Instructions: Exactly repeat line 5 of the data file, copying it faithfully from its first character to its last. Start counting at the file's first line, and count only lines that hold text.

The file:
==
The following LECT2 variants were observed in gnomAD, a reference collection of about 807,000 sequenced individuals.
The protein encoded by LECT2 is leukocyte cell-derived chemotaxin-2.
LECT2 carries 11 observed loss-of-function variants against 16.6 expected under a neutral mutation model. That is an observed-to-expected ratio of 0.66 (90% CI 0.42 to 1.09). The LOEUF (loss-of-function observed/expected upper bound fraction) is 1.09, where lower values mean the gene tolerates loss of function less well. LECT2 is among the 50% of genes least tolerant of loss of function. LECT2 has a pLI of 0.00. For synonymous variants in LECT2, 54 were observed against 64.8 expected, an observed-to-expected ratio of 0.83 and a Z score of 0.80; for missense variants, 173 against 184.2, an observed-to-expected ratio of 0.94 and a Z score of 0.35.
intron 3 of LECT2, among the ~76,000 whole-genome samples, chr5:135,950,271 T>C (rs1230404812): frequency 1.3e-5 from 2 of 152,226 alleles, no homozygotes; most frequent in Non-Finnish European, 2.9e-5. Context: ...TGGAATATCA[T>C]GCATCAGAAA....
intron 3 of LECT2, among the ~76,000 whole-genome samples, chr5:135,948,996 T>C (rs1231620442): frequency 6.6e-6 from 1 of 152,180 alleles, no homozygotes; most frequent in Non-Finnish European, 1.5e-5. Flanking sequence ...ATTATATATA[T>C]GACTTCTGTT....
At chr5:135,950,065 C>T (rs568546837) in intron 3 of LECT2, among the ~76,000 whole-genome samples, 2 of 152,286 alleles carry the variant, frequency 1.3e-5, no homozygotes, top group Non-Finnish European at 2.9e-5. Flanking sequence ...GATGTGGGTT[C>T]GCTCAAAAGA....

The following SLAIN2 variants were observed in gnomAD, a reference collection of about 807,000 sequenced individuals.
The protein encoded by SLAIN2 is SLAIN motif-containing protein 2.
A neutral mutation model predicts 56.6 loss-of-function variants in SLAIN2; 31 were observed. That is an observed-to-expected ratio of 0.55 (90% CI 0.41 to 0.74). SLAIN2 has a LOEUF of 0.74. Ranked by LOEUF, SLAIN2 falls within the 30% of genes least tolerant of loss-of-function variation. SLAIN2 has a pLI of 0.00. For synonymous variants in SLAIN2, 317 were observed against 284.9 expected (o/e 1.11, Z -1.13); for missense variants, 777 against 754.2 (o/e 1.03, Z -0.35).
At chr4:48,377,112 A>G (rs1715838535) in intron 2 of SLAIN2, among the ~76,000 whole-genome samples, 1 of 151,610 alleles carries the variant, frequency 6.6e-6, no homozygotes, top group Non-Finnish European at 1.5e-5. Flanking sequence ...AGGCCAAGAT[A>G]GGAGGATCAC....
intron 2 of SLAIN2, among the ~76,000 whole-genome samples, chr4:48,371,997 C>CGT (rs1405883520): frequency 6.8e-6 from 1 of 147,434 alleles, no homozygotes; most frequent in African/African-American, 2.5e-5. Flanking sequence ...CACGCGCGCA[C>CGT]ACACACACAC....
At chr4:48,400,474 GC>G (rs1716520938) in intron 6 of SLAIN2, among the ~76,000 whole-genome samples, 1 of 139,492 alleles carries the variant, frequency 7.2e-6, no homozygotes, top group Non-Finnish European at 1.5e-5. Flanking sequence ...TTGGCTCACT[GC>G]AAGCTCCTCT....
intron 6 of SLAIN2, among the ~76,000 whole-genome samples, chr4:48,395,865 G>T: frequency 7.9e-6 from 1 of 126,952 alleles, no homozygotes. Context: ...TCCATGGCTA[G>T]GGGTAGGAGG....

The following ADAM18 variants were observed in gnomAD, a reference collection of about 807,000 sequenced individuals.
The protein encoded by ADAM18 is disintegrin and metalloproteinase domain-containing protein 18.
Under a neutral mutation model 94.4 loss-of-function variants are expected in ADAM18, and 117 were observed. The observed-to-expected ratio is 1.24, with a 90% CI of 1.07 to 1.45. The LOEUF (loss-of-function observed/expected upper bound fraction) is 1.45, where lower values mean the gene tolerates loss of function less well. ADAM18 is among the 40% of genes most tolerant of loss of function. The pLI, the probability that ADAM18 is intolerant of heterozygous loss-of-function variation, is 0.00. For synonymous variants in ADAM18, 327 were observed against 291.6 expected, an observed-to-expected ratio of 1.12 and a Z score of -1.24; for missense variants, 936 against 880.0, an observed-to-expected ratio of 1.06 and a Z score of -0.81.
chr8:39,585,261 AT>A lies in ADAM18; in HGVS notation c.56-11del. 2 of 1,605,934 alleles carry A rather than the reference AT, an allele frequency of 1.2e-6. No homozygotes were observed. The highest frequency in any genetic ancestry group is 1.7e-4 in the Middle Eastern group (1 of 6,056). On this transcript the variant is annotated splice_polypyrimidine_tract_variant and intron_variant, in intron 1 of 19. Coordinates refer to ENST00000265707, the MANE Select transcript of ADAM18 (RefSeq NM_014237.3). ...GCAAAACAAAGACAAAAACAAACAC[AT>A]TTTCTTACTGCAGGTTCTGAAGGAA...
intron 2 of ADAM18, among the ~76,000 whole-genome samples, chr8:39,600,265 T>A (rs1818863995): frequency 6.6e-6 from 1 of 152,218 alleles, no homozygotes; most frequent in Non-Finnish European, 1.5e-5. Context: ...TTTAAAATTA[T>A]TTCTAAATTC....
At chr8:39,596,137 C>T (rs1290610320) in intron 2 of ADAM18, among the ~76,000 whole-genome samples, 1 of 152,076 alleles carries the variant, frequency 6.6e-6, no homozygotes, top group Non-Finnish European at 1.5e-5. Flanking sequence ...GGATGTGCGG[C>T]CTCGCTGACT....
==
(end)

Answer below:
intron 3 of LECT2, among the ~76,000 whole-genome samples, chr5:135,948,996 T>C (rs1231620442): frequency 6.6e-6 from 1 of 152,180 alleles, no homozygotes; most frequent in Non-Finnish European, 1.5e-5. Flanking sequence ...ATTATATATA[T>C]GACTTCTGTT....